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Fearing Repeat of Past, Lebanon Bans a Book

Concerns About Stirring Up Sectarian Strife Get 'The Da Vinci Code' Pulled

By Scott Wilson
Washington Post Foreign Service
Sunday, October 17, 2004; Page A18

BEIRUT -- Few places seem to indicate how far this country has come from civil war better than the sunny hipness of the Virgin Megastore that fills a blond-stone building in the heart of the new Beirut. Lebanon's largest mosque is being built nearby amid a cluster of lovely churches, a sign that the religious tolerance shattered by years of fighting between Christian and Muslim militias in these same streets is on the rise.

But there is a hole in the megastore's inventory that suggests the war's legacy has not entirely faded. The store's 60,000 books and magazines include Playboy, "The Photographic Kama Sutra" and an array of French paperbacks whose titles alone would make much of Middle America blush. But "The Da Vinci Code," the most popular work of American fiction during the past 18 months, is not available.


Lebanon's progressive nature is evident in the nightlife of Beirut, but the banning of a popular book has some wondering about a primitive side. (Hussein Malla -- AP)

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The international blockbuster was pulled from shelves last month by Lebanon's domestic security agency at the request of the Catholic Church. Church leaders claimed the murder mystery's use of controversial theories regarding the life of Jesus defamed Christianity and warned that it could ignite Lebanon's old sectarian tensions in the process.

In doing so, a country celebrated as the most progressive in the Middle East became the only one in the world to forbid the book, according to the book's agent and publishers in the region. After selling more than 17 million copies in at least 43 countries, "The Da Vinci Code" has fallen victim here to the unresolved questions over Lebanon's religious identity as well as its own commercial success.

The ban has stirred younger Lebanese, some with murky memories of the 1975-90 war, who view the decision as a bizarre remnant of that time and an absurd undertaking in the Internet age. In open letters published in Lebanon's free press, some Lebanese have argued that the time has come to stop curtailing civil rights in the region's oldest functioning democracy in the name of religious sensitivity.

But the ban has also reassured a generation with more vivid memories of a conflict that killed at least 150,000 people that the postwar constitution is working, as designed, to head off the potential for religious strife. The war emerged from the imbalance of power between Christians and Muslims, and to many older Lebanese, banning the book is a small price to pay to maintain good relations between the country's 17 religious groups and subgroups.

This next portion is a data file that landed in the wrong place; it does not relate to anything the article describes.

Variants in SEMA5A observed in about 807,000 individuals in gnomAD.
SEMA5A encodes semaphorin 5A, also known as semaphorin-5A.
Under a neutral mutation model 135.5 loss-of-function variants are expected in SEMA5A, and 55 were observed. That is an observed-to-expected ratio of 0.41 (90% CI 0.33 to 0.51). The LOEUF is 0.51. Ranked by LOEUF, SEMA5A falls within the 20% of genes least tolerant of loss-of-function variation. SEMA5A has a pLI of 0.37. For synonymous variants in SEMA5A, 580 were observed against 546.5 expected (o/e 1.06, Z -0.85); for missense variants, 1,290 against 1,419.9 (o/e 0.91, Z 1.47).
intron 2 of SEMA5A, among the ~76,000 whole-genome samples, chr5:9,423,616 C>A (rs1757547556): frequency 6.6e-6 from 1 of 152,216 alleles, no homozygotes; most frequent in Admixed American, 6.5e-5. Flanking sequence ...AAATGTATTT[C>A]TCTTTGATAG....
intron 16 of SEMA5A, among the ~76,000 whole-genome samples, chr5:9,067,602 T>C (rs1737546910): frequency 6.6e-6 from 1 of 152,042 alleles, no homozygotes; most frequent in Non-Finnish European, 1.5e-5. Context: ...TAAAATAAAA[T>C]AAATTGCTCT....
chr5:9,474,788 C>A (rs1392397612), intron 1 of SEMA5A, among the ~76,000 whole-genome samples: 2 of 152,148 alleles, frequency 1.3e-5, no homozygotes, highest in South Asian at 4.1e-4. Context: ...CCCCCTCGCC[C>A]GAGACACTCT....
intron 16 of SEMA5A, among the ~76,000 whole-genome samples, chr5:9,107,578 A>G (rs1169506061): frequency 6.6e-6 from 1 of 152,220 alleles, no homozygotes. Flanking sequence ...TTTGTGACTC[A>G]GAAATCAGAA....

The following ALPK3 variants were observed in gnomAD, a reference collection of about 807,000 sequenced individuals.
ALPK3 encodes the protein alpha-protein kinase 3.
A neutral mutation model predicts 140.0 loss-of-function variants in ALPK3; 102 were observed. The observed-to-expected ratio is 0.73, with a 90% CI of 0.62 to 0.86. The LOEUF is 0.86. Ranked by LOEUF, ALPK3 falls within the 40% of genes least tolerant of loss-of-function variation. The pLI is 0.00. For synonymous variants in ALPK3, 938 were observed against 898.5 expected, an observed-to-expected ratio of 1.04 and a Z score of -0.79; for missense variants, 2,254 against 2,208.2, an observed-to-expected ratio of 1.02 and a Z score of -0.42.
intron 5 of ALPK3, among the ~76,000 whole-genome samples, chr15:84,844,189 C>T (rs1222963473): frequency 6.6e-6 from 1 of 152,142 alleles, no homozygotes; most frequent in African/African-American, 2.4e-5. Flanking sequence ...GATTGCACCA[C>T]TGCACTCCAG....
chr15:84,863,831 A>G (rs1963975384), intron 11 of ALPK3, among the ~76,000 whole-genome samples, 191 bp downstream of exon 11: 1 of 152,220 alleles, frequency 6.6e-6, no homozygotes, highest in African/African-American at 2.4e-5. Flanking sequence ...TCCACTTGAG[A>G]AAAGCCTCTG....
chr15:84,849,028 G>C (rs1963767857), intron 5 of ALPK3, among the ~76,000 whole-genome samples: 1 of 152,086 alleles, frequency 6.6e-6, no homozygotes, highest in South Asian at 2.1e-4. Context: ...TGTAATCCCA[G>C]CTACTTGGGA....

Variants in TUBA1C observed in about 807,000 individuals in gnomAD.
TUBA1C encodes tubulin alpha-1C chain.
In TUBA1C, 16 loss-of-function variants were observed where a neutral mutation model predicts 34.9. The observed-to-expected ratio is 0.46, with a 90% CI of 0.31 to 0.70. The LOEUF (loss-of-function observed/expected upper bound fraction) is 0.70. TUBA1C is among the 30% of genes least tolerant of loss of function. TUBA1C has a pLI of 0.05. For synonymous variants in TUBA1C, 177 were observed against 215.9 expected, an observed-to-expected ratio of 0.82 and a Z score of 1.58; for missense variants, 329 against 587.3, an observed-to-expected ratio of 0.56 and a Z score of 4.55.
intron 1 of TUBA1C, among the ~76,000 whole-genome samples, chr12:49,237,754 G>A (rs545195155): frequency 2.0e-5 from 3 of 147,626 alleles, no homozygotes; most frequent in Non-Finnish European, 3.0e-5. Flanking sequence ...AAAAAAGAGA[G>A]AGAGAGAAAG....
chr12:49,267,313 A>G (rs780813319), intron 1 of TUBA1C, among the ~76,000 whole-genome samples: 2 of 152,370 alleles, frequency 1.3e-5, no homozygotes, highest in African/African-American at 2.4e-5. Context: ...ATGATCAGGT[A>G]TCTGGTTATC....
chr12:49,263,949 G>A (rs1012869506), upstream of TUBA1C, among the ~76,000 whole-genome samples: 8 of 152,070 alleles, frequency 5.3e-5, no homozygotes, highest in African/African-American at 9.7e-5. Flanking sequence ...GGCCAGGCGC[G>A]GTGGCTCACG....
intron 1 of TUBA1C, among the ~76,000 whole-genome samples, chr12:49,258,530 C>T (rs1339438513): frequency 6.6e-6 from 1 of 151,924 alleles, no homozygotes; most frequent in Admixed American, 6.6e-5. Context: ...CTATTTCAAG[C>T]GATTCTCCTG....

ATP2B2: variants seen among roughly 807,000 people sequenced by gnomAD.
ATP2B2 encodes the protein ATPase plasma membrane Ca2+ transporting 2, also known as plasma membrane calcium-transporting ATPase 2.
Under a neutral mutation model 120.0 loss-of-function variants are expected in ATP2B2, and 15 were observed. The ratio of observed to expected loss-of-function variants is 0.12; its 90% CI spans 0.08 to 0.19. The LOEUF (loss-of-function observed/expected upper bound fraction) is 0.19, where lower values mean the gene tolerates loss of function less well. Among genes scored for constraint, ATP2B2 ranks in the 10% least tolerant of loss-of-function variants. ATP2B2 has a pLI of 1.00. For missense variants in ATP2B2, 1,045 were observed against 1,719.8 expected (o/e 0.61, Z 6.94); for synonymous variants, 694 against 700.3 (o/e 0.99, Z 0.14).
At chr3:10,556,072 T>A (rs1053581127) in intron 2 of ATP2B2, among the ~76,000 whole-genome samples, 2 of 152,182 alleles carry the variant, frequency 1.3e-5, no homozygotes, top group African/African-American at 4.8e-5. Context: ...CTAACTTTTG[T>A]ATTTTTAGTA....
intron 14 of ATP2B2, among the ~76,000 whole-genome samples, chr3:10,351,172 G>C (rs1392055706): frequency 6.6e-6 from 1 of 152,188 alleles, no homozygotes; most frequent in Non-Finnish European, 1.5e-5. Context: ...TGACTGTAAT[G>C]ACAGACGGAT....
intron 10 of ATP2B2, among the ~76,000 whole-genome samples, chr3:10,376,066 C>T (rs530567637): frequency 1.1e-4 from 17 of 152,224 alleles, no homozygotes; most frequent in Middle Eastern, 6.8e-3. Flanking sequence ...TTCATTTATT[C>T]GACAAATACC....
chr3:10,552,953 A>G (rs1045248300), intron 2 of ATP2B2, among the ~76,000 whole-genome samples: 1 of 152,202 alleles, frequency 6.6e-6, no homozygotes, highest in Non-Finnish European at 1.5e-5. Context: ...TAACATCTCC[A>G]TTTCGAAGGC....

The outrage, however, has been confined mostly to talk shows and letters to Lebanon's many newspapers. Most Lebanese who want to read the book have done so by buying copies abroad, downloading it from the Internet or buying it on a word-of-mouth black market.

"We're not liberal, we're a mosaic," said Bassam Chebaro, a partner in the Beirut-based Arab Scientific Publishers, which has the Arabic-language publishing rights to "The Da Vinci Code." Although he is likely to lose a lot of money, Chebaro said he does not disagree with the decision to ban the book. "It is sensitive. As long as the country is okay, that's more important than a book."

Lebanon is renowned in the Middle East as a place to find the wine, food and seaside sins hard to come by elsewhere. War has given way over the past 15 years to an avid materialism, reflected in the European boutiques of downtown Beirut, and a culture that has embraced cosmetic surgery as something close to a middle-class entitlement. Its free press is a model in the region, and it is the Motown of Middle Eastern music and video production.

It is also a country of rival minorities, and the contest for political power between Muslims and Christians laid the groundwork for the war. The region's more socially conservative Arab republics and Islamic kingdoms have rarely, if ever, had to address those sectarian issues, or have chosen to quiet them with force when they arose.

Lebanon's postwar constitution allows each of its once-battling religious groups to proscribe literature, films, magazines and music deemed insulting to a particular faith. In the past, Muslim groups have been the country's most aggressive censors, prohibiting the sale of nearly anything critical of Islam and everything that discusses Israel in anything but the harshest terms.

The Christians, a powerful minority, have been far less vigilant. Only a handful of nonfiction books and movies have been forbidden over the years by the Catholic Information Center, the media arm of the church here. Until the banning of "The Da Vinci Code," most Lebanese had never heard of the center, which some Lebanese suspect is using the cause to make a name for itself.

But even the Christian censors are hard-pressed to name books they have banned in the past, and Beirut's bookstores remain filled with obscure titles contending that Christ was married to Mary Magdalene, fathered a number of children, and lived a very human life -- all topics touched on in "The Da Vinci Code." Part of the problem, church officials acknowledge, is that people might actually read this book.

"There is a campaign now to defame the Christian faith and the life of Jesus, and this book is part of that," said Abdo Abu Kassm, the center's director, who argued for banning the book. "Lebanon combines many religions and groups, and maybe a non-Christian will see Christ's life presented this way and think it's accurate. But it's wrong."


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